The Star-Tribune unsigned editorial doesn't dislike the idea of citywide coverage, but suggests careful planning before leaping in: This editorial isn't opposed to the lovely notion of ubiquitous coverage through Minneapolis, as described in the city's request for proposal. In fact, it describes the idea as "cool." But it suggests that there's not enough detail in the current RFP to answer many outstanding questions, and that until proposals are received from bidders, the details will remain unknown.
Minneapolis is proposing a network that's of a larger scale than Philadelphia's with a more extensive purpose and that uses Wi-Fi for access but is tied together with fiber optic which will be used for other purposes. The city won't put a cent of funding into the plan, but will guarantee its telecom business to the project's winner, thus ensuring early revenue. (Both Minneapolis and Philadelphia project large cost conservation by shifting their telecom spending to this kind of network.)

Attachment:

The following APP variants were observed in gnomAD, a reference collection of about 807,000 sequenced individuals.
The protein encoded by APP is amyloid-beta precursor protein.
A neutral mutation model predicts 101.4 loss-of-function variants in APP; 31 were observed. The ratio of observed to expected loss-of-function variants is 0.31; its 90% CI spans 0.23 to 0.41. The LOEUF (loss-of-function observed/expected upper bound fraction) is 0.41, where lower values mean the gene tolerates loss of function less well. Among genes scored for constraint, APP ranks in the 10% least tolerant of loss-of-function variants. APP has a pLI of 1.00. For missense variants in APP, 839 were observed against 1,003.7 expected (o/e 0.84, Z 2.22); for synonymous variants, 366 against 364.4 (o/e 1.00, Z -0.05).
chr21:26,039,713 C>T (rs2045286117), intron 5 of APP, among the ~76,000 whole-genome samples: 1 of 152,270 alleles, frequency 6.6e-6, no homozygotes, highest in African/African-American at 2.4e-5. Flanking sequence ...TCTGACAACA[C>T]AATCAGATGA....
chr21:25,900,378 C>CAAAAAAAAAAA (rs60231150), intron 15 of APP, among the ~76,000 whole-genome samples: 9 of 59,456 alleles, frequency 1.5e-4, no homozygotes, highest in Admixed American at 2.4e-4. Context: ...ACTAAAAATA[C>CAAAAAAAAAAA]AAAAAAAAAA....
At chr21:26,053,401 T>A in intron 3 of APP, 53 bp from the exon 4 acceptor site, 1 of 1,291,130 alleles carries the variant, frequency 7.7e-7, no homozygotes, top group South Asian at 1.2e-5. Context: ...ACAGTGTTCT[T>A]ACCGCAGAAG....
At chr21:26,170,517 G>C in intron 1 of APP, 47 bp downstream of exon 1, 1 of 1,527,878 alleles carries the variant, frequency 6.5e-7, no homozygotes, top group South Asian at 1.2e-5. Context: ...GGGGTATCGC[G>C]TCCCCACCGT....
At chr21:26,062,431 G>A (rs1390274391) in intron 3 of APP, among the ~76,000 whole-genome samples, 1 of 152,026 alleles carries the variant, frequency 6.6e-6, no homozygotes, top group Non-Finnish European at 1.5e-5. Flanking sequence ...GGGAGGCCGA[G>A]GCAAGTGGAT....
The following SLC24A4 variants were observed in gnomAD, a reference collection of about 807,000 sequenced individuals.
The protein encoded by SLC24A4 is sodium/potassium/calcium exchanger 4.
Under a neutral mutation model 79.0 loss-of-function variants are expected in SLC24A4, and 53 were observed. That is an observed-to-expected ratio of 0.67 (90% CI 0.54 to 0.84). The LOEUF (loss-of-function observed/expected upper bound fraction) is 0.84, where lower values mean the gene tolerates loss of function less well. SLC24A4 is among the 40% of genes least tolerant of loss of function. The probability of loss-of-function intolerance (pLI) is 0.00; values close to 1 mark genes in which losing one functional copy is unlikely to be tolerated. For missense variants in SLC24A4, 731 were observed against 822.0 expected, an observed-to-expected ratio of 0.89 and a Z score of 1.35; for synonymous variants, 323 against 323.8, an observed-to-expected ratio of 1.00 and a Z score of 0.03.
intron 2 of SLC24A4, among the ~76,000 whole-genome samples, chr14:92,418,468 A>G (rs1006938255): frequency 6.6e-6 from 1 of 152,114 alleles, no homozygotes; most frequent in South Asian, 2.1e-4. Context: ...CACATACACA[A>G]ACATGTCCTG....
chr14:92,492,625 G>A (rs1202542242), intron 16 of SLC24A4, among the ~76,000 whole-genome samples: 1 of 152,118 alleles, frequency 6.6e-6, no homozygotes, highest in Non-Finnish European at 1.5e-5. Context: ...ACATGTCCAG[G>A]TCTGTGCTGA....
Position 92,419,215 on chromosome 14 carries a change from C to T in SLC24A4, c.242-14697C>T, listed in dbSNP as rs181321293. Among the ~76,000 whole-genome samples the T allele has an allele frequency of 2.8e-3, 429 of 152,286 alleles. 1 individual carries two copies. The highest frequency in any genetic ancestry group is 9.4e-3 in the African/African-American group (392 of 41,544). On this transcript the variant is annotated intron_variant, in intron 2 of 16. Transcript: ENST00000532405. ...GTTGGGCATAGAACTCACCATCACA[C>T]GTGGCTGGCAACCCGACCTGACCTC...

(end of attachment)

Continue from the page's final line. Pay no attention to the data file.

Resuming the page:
The editorial notes that a previous effort to have Time Warner, the city's cable franchisee, install fiber-optic links among city buildings was agreed on in 2000--and still hasn't been built. This proposal might be an effort to route around that blockade, but it does create essentially a new kind of franchise.
The editorial concludes, "As this ambitious proposal goes forward, its balancing of complicated interests will bear very careful scrutiny."
I admire the stance of this editorial because it doesn't throw any strawmen onto a pyre and fling matches at them. Instead, it looks at the reasons advanced by the city for having this network built, analyses the risks without overstating them, and generally endorses the concept while remaining patient about how the concept turns into reality.